Any horse which does not respond to initial therapy may be regarded as having a much more serious prognosis. In an effort to assist veterinary practitioners and owners, White attempted to apply previous knowledge of outcomes for specific diseases. Case fatality for specific colic diseases varies from a few deaths in cases of simple colic to as much as 75% in some forms of strangulated intestine. Simple obstructions of the large colon such as displacements and impactions have low fatality rates (<10%) whereas simple obstructions or impactions of the small intestine are somewhat higher at up to 30%.
In recent years reports of fatalities to colic have changed with earlier horse referral to veterinary surgeries, improved surgical techniques, better anesthesia, and much improved critical care of surgical patients. A recent report states short term fatality of small intestinal strangulation has decreased from 75% in 1983 to 25% in 2000. The likelihood of fatality following successful surgery is highest in the 10 days after surgery and discharge. Prevention of Colic Consider two factors when trying to prevent colic; (a) Farm factors (b) Horse factors
Farm factors include management, use, feeding and environment. The associated risks on properties with high rates of colic include poor parasite control, high concentrate levels in the diet, multiple sources of concentrate feeds – including supplements with high levels of soluble carbohydrates, chronic water deficiency, excessive use of NSAID’s (non-steroidal anti-inflammatory agents such as phenylbutazone), rapid changes in hay or grain diet, and horses in work that are fed large amounts of carbohydrate and reduced amounts of roughage.
Based on these known factors, colic prevention should start by ensuring horses have a constant fresh water source, ensure that forage makes up at least 60% or more of the diet (horse digestion is designed to utilise forage, not concentrates), and that concentrates (soluble carbohydrates) are fed at the minimal level required to maintain weight and performance. Changes in feed should be completed over a 7-10 day period, and parasite control must be regular and effective.
If you have a property with a high incidence of colics, careful monitoring of the daily management, plus close measurement of energy, protein and fibre in the diet should be urgent steps in reducing colic incidence. It would be extremely valuable to have an independent dietary evaluation conducted to confirm that the diets you are feeding are applicable and adequate, as carbohydrate overloads are much more common than most people would consider. Many owners do not consider, for example, that bran can have a very high soluble carbohydrate content.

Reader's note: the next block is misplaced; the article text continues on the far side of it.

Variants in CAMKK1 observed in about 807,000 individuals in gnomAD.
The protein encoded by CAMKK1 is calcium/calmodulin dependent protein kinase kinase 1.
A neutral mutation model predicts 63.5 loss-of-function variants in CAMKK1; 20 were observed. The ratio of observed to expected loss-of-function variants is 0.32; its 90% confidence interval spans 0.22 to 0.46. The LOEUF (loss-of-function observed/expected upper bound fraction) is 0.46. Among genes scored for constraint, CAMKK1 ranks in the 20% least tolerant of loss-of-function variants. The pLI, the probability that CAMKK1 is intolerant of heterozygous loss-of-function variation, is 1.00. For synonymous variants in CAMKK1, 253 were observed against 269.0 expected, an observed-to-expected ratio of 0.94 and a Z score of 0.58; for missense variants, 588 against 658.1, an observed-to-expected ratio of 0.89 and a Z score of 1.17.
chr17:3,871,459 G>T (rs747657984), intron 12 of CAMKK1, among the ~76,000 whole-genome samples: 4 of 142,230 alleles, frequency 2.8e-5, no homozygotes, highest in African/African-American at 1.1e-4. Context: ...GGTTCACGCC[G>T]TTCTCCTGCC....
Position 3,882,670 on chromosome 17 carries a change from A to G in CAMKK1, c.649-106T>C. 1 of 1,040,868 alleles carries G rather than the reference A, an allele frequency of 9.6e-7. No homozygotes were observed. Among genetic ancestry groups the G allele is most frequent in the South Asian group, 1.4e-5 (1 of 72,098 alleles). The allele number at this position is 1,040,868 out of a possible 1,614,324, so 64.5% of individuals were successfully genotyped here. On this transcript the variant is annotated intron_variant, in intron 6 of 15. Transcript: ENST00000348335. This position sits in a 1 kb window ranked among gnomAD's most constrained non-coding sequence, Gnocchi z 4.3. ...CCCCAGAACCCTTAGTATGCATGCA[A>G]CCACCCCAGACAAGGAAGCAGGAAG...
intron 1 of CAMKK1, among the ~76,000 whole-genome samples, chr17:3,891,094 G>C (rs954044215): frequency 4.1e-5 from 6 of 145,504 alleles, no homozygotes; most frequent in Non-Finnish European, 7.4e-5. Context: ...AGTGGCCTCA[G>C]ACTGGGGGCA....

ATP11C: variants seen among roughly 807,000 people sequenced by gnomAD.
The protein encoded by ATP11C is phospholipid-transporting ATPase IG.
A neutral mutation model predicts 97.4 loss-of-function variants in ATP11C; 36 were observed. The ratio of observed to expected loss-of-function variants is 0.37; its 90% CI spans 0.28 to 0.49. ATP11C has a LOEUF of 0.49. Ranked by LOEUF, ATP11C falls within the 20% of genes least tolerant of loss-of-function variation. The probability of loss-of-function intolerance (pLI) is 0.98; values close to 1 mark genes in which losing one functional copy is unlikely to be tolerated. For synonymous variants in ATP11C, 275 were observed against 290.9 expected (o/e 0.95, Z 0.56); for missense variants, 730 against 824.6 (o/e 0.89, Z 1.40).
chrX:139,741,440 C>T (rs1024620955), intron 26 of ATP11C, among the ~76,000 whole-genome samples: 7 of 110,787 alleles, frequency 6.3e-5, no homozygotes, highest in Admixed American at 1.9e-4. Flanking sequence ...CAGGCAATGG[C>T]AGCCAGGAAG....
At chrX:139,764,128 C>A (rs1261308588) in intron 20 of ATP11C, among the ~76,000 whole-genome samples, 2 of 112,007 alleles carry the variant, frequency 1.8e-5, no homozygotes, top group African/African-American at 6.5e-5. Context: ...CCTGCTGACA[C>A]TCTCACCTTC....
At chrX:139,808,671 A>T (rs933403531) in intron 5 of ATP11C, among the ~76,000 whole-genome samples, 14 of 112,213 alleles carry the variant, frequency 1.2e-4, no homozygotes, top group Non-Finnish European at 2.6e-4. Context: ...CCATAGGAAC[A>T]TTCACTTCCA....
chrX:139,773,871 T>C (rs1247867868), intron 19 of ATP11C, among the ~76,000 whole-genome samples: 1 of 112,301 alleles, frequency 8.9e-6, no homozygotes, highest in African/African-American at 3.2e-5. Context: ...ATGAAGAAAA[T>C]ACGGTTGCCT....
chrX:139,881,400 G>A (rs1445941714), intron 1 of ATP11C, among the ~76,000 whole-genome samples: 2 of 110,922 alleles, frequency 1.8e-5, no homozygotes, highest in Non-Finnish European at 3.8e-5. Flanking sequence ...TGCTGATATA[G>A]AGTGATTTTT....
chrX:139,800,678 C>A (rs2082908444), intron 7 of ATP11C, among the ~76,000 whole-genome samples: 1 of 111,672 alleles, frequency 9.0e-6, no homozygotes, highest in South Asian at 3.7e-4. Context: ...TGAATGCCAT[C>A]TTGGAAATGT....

If bran is fed simply as a laxative in a regular grain diet, the soluble carbohydrate level in a horse’s diet can rapidly be doubled to dangerous levels. Other known factors which affect individual horses include confinement due to injury, lack of opportunity to turn out and graze/exercise, gastric ulceration, crib biting and excessive air intake during similar vices. These issues are often related to simple colics. Some difficult horses may only respond to being on pasture 24 hours a day with a total forage diet, and this arrangement may not fit in with demands for performance.
A 1999 publication by Cohen, Gibbs and Woods: “Dietary and Other Management Factors Associated with Equine Colic”, AAEP Proceedings 1999, Vol. 45:pp96 investigated the association of dietary changes with colic by asking veterinarians. The following factors in this study were associated with increased risk of colic: Recent changes in diet, Recent changes in type of hay History of previous colic Recent change in weather conditions Recent change in stabling Arabian breed Use of an anthelmintic in previous 7 days Failure to regularly deworm Age over 10 years
Regular exercise (versus pastured at all times). The finding that a change in diet during the 2 week period when colic occurred is a consistent finding with other studies. Often, a change in the specific type of hay was the only dietary change (hay of poorer quality is often less digestible, thereby predisposing to colic impactions. It is also possible that changes in hay cause alterations pH levels in the colon, volatile fatty acid production, and even in the microflora populations in the large intestine, predisposing the horse to disorders of intestinal function resulting in colic).
Colic was regularly associated with recent deworming, irrespective of the product used. In foals, recent deworming may cause colic associated with intestinal obstruction resulting from rapid death of ascarids in the gut, as well as with hatching of large numbers of larval cyathostomes (small strongyles) from cysts in the gut wall after deworming kills all adults in the gut. Recent changes in stabling were frequently associated with increased colics in this study